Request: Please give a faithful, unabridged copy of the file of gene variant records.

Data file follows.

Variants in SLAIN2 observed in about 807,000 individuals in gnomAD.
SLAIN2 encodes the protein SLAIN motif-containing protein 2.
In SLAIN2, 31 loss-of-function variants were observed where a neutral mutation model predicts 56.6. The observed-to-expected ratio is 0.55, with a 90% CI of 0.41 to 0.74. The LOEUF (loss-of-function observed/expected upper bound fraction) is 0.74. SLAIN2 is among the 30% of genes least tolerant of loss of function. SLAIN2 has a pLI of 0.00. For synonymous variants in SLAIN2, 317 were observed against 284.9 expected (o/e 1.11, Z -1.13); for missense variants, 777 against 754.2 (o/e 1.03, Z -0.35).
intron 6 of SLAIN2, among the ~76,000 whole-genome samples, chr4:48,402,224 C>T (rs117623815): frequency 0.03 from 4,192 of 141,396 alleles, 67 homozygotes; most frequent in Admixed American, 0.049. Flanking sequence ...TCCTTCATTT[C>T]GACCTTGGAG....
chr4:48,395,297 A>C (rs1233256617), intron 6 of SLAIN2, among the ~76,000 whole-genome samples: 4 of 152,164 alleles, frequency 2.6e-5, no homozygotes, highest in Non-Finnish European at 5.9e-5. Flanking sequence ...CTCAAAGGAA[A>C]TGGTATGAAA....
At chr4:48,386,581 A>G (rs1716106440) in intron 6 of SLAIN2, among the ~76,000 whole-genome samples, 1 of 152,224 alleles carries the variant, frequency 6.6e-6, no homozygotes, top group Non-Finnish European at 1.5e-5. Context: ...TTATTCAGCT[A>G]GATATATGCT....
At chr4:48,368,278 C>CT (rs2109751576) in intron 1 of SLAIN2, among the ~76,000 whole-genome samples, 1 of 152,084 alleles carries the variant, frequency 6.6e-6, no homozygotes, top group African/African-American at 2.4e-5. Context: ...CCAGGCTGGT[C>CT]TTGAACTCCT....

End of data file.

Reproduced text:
Variants in SLAIN2 observed in about 807,000 individuals in gnomAD.
SLAIN2 encodes the protein SLAIN motif-containing protein 2.
In SLAIN2, 31 loss-of-function variants were observed where a neutral mutation model predicts 56.6. The observed-to-expected ratio is 0.55, with a 90% CI of 0.41 to 0.74. The LOEUF (loss-of-function observed/expected upper bound fraction) is 0.74. SLAIN2 is among the 30% of genes least tolerant of loss of function. SLAIN2 has a pLI of 0.00. For synonymous variants in SLAIN2, 317 were observed against 284.9 expected (o/e 1.11, Z -1.13); for missense variants, 777 against 754.2 (o/e 1.03, Z -0.35).
intron 6 of SLAIN2, among the ~76,000 whole-genome samples, chr4:48,402,224 C>T (rs117623815): frequency 0.03 from 4,192 of 141,396 alleles, 67 homozygotes; most frequent in Admixed American, 0.049. Flanking sequence ...TCCTTCATTT[C>T]GACCTTGGAG....
chr4:48,395,297 A>C (rs1233256617), intron 6 of SLAIN2, among the ~76,000 whole-genome samples: 4 of 152,164 alleles, frequency 2.6e-5, no homozygotes, highest in Non-Finnish European at 5.9e-5. Flanking sequence ...CTCAAAGGAA[A>C]TGGTATGAAA....
At chr4:48,386,581 A>G (rs1716106440) in intron 6 of SLAIN2, among the ~76,000 whole-genome samples, 1 of 152,224 alleles carries the variant, frequency 6.6e-6, no homozygotes, top group Non-Finnish European at 1.5e-5. Context: ...TTATTCAGCT[A>G]GATATATGCT....
At chr4:48,368,278 C>CT (rs2109751576) in intron 1 of SLAIN2, among the ~76,000 whole-genome samples, 1 of 152,084 alleles carries the variant, frequency 6.6e-6, no homozygotes, top group African/African-American at 2.4e-5. Context: ...CCAGGCTGGT[C>CT]TTGAACTCCT....